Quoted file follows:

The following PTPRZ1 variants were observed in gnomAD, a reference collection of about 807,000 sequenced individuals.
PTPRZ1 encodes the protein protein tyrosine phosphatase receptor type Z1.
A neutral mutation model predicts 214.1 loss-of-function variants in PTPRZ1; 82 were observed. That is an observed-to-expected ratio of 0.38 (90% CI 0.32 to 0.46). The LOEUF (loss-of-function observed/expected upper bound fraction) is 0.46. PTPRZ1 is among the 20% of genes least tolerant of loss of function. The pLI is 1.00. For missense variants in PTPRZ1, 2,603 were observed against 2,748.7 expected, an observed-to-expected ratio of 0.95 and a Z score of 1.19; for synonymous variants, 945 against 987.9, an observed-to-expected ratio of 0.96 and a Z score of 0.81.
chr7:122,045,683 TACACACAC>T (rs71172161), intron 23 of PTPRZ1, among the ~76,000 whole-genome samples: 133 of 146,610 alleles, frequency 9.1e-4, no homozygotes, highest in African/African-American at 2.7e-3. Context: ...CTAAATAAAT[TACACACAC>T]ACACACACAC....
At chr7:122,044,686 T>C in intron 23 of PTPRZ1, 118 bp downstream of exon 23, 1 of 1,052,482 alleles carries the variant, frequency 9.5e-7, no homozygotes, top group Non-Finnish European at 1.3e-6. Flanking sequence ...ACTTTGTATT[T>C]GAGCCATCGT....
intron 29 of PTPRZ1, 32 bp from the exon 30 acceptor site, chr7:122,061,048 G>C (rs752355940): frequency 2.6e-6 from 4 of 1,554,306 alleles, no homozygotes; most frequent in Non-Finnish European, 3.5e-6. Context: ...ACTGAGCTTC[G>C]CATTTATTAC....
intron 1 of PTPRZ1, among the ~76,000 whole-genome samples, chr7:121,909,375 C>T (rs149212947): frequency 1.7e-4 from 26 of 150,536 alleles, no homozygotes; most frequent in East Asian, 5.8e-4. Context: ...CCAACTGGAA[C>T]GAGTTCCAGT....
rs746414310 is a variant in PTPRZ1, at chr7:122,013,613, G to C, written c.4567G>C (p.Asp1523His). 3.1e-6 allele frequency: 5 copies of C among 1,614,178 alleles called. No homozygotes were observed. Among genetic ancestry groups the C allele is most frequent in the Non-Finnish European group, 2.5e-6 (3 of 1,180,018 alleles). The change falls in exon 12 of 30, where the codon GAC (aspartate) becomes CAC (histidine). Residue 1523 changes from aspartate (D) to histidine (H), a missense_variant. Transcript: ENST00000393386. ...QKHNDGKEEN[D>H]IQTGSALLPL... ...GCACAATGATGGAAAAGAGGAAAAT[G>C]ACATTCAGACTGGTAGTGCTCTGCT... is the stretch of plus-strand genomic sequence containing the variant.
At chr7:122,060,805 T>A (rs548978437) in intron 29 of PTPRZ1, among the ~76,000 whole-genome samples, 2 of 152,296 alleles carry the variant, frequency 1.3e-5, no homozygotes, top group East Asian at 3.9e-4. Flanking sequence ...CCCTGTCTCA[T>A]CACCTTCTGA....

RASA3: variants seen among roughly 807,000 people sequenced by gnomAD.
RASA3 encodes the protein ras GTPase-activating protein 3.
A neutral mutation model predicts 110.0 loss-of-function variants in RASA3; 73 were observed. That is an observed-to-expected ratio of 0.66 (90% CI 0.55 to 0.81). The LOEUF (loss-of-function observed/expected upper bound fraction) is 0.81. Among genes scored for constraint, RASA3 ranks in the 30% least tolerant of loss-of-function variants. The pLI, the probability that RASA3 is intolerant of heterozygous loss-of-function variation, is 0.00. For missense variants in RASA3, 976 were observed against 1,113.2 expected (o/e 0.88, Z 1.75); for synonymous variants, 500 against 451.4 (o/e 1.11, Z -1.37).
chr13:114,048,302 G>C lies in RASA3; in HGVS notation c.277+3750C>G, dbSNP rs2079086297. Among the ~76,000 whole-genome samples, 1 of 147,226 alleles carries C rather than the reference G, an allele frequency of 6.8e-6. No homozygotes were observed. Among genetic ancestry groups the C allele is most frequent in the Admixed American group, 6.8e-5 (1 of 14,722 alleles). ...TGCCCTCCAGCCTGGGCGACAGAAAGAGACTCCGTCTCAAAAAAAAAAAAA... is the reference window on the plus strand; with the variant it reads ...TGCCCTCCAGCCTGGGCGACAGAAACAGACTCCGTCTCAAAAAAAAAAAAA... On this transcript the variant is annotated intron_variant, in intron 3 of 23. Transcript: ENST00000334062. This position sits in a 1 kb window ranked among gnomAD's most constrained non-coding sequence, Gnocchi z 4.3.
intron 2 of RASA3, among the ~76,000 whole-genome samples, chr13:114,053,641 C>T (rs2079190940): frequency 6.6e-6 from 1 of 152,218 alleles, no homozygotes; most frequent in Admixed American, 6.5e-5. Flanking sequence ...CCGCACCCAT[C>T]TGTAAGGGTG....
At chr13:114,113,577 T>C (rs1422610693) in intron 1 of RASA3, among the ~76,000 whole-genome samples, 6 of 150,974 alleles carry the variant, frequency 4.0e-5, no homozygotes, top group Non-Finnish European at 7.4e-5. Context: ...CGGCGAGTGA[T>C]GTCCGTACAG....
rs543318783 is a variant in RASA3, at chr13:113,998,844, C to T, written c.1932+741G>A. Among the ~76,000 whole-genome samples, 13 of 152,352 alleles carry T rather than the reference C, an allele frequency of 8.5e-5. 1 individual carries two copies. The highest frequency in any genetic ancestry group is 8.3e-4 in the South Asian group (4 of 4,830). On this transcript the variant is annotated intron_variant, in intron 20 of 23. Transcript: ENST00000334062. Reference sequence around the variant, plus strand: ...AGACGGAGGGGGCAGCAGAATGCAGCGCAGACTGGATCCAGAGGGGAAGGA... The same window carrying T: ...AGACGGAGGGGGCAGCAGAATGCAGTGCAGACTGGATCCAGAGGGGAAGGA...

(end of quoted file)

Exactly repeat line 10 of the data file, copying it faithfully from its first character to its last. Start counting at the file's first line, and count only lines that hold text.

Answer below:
RASA3: variants seen among roughly 807,000 people sequenced by gnomAD.